Ulum, the PeaceHealth spokeswoman, said the hospital district transferred about $1.2 million in annual property-tax revenue it had used to operate its previous clinic to PeaceHealth. Nearly all of those property-tax dollars enable PeaceHealth to cover the costs of providing charity care and of maintaining a 24-hour emergency department, Ulum said. There was no change in the tax rate, she added.
Lenore Bayuk, the San Juan Hospital District’s commission chairwoman, said PeaceHealth’s entry into the community, with modern facilities, was crucial. Previously, the district struggled to cover its costs at the old clinic, Bayuk said. With PeaceHealth, she said, the district is on sounder financial footing. “We have a cancer treatment center which we didn’t have before,” Bayuk added, noting many other improvements.
But critics say the situation isn’t so tidy. Those include Monica Harrington, a former Seattle technology executive who opposes PeaceHealth’s contract with the San Juan County public hospital district. She cited the fact that San Juan County health officials have agreed to review concerns raised by some residents about health care cost and access issues, including at Peace Island Medical Center.
“We effectively traded lower-priced unrestricted health care in an increasingly dilapidated building for much, much higher-priced, religiously restricted care in a beautiful, art-filled facility,” Harrington wrote in an email to The Columbian.
The ACLU acknowledges the improvements made under PeaceHealth’s arrangement with the San Juan Hospital District. But the organization argues the contract between PeaceHealth and the district violates the Washington Constitution and the state’s Reproductive Privacy Act. “As a government entity, the hospital district should not subsidize religious facilities that discriminate against women’s fundamental rights,” Kathleen Taylor, executive director of the ACLU’s operation in Seattle, wrote in a letter to district officials.
PeaceHealth says the ACLU is wrong in its legal interpretation. There’s nothing in the law prohibiting public-private partnerships between hospital districts and private health care providers that maintain religious affiliations, the nonprofit says. The purpose of PeaceHealth is to provide “important health care services, not the advancement of religion,” according to its legal analysis. “To suggest otherwise is inconsistent with more than a century of collaboration in Washington between the state and religiously affiliated charities, health providers and others.”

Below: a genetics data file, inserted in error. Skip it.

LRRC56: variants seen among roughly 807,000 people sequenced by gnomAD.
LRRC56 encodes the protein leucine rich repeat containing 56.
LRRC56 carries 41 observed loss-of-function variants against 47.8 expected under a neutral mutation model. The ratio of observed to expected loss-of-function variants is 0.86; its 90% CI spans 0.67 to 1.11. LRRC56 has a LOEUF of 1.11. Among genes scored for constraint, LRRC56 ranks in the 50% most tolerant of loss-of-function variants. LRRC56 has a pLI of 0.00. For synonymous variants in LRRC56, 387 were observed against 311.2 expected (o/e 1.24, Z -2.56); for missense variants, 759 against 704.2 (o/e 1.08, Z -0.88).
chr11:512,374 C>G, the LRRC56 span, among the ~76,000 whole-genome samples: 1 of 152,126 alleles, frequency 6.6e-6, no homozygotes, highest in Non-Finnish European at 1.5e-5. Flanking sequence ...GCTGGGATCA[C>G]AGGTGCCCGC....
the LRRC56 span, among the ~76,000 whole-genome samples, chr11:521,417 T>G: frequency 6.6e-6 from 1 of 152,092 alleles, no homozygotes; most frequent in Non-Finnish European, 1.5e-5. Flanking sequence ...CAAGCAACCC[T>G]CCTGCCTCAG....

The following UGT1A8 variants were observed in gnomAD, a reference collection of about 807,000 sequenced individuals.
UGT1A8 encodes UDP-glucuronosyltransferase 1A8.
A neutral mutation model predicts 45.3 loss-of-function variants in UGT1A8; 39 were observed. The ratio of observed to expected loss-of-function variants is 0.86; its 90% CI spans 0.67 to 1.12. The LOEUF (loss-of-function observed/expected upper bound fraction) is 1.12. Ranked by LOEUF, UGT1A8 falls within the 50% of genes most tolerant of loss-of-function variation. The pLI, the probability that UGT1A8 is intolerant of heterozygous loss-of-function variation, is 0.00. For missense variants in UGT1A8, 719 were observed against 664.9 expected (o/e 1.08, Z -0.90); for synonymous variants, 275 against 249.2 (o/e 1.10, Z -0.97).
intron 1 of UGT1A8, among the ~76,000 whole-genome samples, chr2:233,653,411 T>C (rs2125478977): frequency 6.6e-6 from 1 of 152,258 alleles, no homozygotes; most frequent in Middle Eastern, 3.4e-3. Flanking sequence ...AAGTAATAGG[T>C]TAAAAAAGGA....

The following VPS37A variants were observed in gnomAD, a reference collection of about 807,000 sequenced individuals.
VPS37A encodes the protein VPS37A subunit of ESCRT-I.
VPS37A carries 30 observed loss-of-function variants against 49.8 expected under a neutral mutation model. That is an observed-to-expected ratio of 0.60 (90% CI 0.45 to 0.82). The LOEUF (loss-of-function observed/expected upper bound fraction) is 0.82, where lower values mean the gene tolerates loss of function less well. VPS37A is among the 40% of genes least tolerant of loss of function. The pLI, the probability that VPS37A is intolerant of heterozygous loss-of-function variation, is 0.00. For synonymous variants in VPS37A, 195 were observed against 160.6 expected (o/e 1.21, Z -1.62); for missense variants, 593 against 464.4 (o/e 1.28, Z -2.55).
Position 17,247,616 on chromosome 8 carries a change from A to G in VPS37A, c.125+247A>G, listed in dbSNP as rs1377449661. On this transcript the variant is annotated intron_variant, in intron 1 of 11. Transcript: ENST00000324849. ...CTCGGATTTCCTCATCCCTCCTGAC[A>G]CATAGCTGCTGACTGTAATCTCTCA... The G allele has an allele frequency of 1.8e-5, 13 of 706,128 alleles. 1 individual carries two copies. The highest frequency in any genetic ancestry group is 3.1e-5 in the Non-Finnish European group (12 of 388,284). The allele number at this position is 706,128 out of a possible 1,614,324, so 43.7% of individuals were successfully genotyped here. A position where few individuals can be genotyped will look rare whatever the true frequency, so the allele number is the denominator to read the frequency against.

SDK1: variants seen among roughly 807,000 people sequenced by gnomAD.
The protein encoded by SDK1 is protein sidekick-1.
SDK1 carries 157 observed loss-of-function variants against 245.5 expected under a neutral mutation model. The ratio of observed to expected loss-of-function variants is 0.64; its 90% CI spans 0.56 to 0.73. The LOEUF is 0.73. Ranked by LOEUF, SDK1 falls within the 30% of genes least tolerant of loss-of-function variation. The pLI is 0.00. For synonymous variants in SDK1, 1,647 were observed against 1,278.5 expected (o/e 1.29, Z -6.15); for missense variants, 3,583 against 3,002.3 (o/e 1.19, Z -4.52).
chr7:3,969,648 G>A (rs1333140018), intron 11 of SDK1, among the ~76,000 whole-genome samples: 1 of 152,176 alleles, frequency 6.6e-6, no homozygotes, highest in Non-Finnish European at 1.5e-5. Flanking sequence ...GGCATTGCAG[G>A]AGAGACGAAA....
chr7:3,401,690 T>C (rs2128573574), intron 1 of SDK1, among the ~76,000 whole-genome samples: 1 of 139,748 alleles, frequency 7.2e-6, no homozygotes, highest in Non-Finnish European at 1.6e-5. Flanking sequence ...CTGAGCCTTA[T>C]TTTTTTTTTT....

But the ACLU says its concerns go beyond PeaceHealth’s arrangements with local public hospital districts.
In her letter to the San Juan County Hospital District, Taylor takes umbrage with PeaceHealth’s proposed partnership with CHI, which operates in 17 states and includes 78 hospitals. The venture between PeaceHealth and CHI would combine seven Catholic Health Initiatives hospitals in Washington and Oregon with nine PeaceHealth hospitals in Washington, Oregon and Alaska.
Although PeaceHealth has argued it will maintain its own ethical policies in its relationship with CHI, Taylor wrote in her letter, “the lack of any legally binding document to that effect fails to protect against the possibility” of additional restrictions on access to reproductive and end-of-life services.
In their concern about how PeaceHealth and CHI will interact, the ACLU and other critics also cite Kentucky Democratic Gov. Steve Beshear’s effort last year to block a proposed merger between University of Louisville Hospital and Catholic Health Initiatives. Beshear opposed the merger in part out of concern that the deal would reduce access to reproductive services. But after further negotiations, the deal went through this month and included a provision that U of L Hospital will remain independent of the Catholic health directives followed by CHI.
Closer to home, PeaceHealth says the concern about its potential relationship with CHI is a nonstarter.
In a letter to the San Juan County hospital district, Sister Andrea Nenzel, chair of PeaceHealth’s board, wrote: “(Catholic Health Initiatives) and PeaceHealth have already agreed that our hospitals, including Peace Island Medical Center, will not change their ethical policies regarding patient care that have been in effect for as long as 40 years.”
Diverging from mainstream?
PeaceHealth officials emphasize the nonprofit’s health care mission is spiritual and expansive, serving the poor and caring for those who are unable to pay for services. Its faith foundation means that PeaceHealth also carries a set of ethical policies that govern the medical services it chooses to provide. Those include:
• It does not permit abortion except to save the life of the mother.